Manufacturers are calling for an emergency, pre-recess package of business support measures including extension of temporary tax reliefs to support companies from escalating costs
The call comes on the back of the Make UK/BDO Q2 Manufacturing Outlook survey which shows growth and orders slowing significantly, exports almost at a standstill and, investment falling as companies cut or postpone their plans in order to maintain cashflow.
According to Make UK, the seriousness of the situation and, the prospects for the next six months, means that industry cannot wait for the promised help in the autumn which the Chancellor made in the Spring Statement. It is calling for urgent actions before MPs go on their summer break.
Make UK has made a number of recommendations for measures government can introduce now to address rising business costs including the following:
- waive or reduce business rates for the next 12 months;
- implement VAT deferrals for larger businesses and waive completely for SMEs;
- temporarily freeze the Climate Change Levy and, if energy costs continue to rise, remove it completely;
- Review the efficacy of the business interruption loan schemes introduced during the pandemic and deploy a successor scheme by Q3;
- Extend the 130% super-deduction tax break, due to end in March 2023; and
- make the increase in the Annual Investment Allowance permanent.
In addition to immediate measures, Make UK also stressed that the government must move away from short-term, gesture politics. Instead, it must focus on demonstrating to business and, foreign investors, that it has the capacity to operate in a serious manner with a long-term strategy.
Stephen Phipson, chief executive of Make UK, said: ‘Whilst industry has recovered strongly over the last year we are clearly heading for very stormy waters in the face of eyewatering costs and a difficult international environment.
‘Clearly some of the factors impacting companies are global and cannot be contained by the UK government alone. However, given the rate at which companies are burning through their balance sheets just to survive, it must take immediate measures to help shield companies from the worst impact of escalating costs and help protect jobs.’
Richard Austin, head of manufacturing at BDO, added: ‘Manufacturers have shown their ability to overcome a wave of challenges over the last couple of years to remain competitive. The question is when fatigue will overcome resilience. The tipping point where the shorter term need to retain cash outweighs investment is starting to be reached and could have significant implications for future growth.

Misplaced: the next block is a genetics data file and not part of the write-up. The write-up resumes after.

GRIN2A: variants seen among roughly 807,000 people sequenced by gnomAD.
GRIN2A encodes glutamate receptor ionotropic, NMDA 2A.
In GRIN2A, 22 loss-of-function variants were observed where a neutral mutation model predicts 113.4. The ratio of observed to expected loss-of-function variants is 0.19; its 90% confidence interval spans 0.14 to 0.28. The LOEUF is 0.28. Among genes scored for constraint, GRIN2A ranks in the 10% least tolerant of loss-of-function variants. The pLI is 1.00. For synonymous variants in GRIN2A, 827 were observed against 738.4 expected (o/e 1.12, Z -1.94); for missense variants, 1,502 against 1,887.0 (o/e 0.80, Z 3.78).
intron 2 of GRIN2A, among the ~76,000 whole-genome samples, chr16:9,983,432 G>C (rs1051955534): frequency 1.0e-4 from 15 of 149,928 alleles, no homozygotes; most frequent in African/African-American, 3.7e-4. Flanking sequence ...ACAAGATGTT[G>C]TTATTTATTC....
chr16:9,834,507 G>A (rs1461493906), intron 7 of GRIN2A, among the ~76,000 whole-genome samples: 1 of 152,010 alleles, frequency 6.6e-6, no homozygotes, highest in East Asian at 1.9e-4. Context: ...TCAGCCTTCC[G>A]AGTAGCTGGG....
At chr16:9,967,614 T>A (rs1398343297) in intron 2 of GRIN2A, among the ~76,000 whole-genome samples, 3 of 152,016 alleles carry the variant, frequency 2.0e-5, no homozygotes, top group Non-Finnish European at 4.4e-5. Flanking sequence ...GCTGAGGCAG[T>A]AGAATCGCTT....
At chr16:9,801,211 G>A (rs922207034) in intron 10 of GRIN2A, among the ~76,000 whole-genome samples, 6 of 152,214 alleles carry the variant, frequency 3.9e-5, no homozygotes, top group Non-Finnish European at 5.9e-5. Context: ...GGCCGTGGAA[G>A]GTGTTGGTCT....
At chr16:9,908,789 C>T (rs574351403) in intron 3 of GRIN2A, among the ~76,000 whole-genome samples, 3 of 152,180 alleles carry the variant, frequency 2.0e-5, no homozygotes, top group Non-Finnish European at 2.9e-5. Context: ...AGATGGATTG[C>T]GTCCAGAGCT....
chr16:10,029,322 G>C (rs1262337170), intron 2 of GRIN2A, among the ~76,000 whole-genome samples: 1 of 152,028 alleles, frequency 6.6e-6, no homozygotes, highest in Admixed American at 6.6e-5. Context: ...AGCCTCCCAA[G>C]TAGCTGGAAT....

‘Rapidly rising input costs, ballooning energy bills and in some cases inflation-busting pay settlements have hit margins and frozen investment plans. There is now a strong case for government action to help UK manufacturers weather the immediate storm and incentivise investment for long-term growth.’
According to the survey, investment intentions dropped sharply from +27% in Q1 to just +5% as companies cut or postpone their plans in response to rapidly escalating costs.
Two thirds of companies (67.8%) said rising energy costs were causing major disruption, almost three quarters (71.9%) cited increased raw material costs posing a similar threat and, two thirds (66.8%) cited rising transport costs.
Manufacturers expect to continue to increase their UK and export prices substantially in the next quarter to +69% and 63% respectively, with both these figures dwarfing previous record levels in the survey’s 30-year history.
Chancellor Rishi Sunak sets out the three new Covid support measures available for businesses
Omicron-hit hospitality businesses will be able to claim up to £6,000 cash grants and companies can receive compensation for employees’ sick pay, as part of a new support package, the chancellor has announced.
Rishi Sunak has announced three new “generous” measures to help the arts and hospitality industries get through what should be their busiest period, as restaurants’ bookings plummet and theatres are forced to close amid a sharp increase in Covid cases.
From Tuesday, small and medium-sized companies – those with less than 250 employees – can be reimbursed by the government for the cost of statutory sick pay for Covid-related absences of up to two weeks per employee, said the chancellor.
“Eligible” hospitality and leisure businesses “impacted by Omicron” will be able to apply for a one-off cash grant of up to £6,000, said Mr Sunak. However, it is not yet clear how employers will be asked to prove how they have been affected.
Businesses in the arts will also receive further funding with £30 million allocated to the Culture Recovery Fund to help support the likes of theatres and museums.
What exactly does the new Omicron financial bailout include?